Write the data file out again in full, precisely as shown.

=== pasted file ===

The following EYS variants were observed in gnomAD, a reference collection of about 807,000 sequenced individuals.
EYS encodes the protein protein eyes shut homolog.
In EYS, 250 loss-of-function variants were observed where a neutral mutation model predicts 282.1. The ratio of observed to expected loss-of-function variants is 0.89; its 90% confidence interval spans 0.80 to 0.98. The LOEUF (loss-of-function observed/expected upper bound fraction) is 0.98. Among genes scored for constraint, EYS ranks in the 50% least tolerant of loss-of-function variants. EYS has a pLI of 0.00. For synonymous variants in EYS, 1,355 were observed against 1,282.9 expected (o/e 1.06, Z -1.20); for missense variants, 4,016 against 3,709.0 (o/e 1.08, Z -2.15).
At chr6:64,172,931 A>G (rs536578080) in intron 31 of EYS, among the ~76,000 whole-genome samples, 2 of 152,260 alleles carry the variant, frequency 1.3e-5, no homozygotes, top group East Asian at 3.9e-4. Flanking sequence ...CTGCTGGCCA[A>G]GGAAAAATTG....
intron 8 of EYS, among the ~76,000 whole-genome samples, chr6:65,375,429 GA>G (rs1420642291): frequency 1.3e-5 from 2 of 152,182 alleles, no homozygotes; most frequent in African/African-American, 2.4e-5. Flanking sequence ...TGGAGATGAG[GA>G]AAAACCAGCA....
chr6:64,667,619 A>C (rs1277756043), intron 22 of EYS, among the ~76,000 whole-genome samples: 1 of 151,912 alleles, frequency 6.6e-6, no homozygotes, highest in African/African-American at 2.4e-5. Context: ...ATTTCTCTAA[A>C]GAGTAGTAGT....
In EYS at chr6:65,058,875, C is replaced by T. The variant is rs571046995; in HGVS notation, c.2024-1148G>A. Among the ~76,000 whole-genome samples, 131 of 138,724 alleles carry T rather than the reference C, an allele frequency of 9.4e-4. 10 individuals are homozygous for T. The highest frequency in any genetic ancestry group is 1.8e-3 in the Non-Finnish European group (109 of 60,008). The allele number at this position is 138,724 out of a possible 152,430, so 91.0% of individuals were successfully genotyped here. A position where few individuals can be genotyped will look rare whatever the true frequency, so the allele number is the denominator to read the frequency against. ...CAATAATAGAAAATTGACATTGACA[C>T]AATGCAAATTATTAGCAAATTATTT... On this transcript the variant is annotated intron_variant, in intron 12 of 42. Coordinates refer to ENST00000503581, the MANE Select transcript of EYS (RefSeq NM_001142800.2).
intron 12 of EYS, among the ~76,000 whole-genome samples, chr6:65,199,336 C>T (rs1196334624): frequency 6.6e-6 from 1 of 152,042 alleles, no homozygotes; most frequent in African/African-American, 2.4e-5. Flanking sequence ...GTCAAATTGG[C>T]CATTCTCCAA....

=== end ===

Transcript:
The following EYS variants were observed in gnomAD, a reference collection of about 807,000 sequenced individuals.
EYS encodes the protein protein eyes shut homolog.
In EYS, 250 loss-of-function variants were observed where a neutral mutation model predicts 282.1. The ratio of observed to expected loss-of-function variants is 0.89; its 90% confidence interval spans 0.80 to 0.98. The LOEUF (loss-of-function observed/expected upper bound fraction) is 0.98. Among genes scored for constraint, EYS ranks in the 50% least tolerant of loss-of-function variants. EYS has a pLI of 0.00. For synonymous variants in EYS, 1,355 were observed against 1,282.9 expected (o/e 1.06, Z -1.20); for missense variants, 4,016 against 3,709.0 (o/e 1.08, Z -2.15).
At chr6:64,172,931 A>G (rs536578080) in intron 31 of EYS, among the ~76,000 whole-genome samples, 2 of 152,260 alleles carry the variant, frequency 1.3e-5, no homozygotes, top group East Asian at 3.9e-4. Flanking sequence ...CTGCTGGCCA[A>G]GGAAAAATTG....
intron 8 of EYS, among the ~76,000 whole-genome samples, chr6:65,375,429 GA>G (rs1420642291): frequency 1.3e-5 from 2 of 152,182 alleles, no homozygotes; most frequent in African/African-American, 2.4e-5. Flanking sequence ...TGGAGATGAG[GA>G]AAAACCAGCA....
chr6:64,667,619 A>C (rs1277756043), intron 22 of EYS, among the ~76,000 whole-genome samples: 1 of 151,912 alleles, frequency 6.6e-6, no homozygotes, highest in African/African-American at 2.4e-5. Context: ...ATTTCTCTAA[A>C]GAGTAGTAGT....
In EYS at chr6:65,058,875, C is replaced by T. The variant is rs571046995; in HGVS notation, c.2024-1148G>A. Among the ~76,000 whole-genome samples, 131 of 138,724 alleles carry T rather than the reference C, an allele frequency of 9.4e-4. 10 individuals are homozygous for T. The highest frequency in any genetic ancestry group is 1.8e-3 in the Non-Finnish European group (109 of 60,008). The allele number at this position is 138,724 out of a possible 152,430, so 91.0% of individuals were successfully genotyped here. A position where few individuals can be genotyped will look rare whatever the true frequency, so the allele number is the denominator to read the frequency against. ...CAATAATAGAAAATTGACATTGACA[C>T]AATGCAAATTATTAGCAAATTATTT... On this transcript the variant is annotated intron_variant, in intron 12 of 42. Coordinates refer to ENST00000503581, the MANE Select transcript of EYS (RefSeq NM_001142800.2).
intron 12 of EYS, among the ~76,000 whole-genome samples, chr6:65,199,336 C>T (rs1196334624): frequency 6.6e-6 from 1 of 152,042 alleles, no homozygotes; most frequent in African/African-American, 2.4e-5. Flanking sequence ...GTCAAATTGG[C>T]CATTCTCCAA....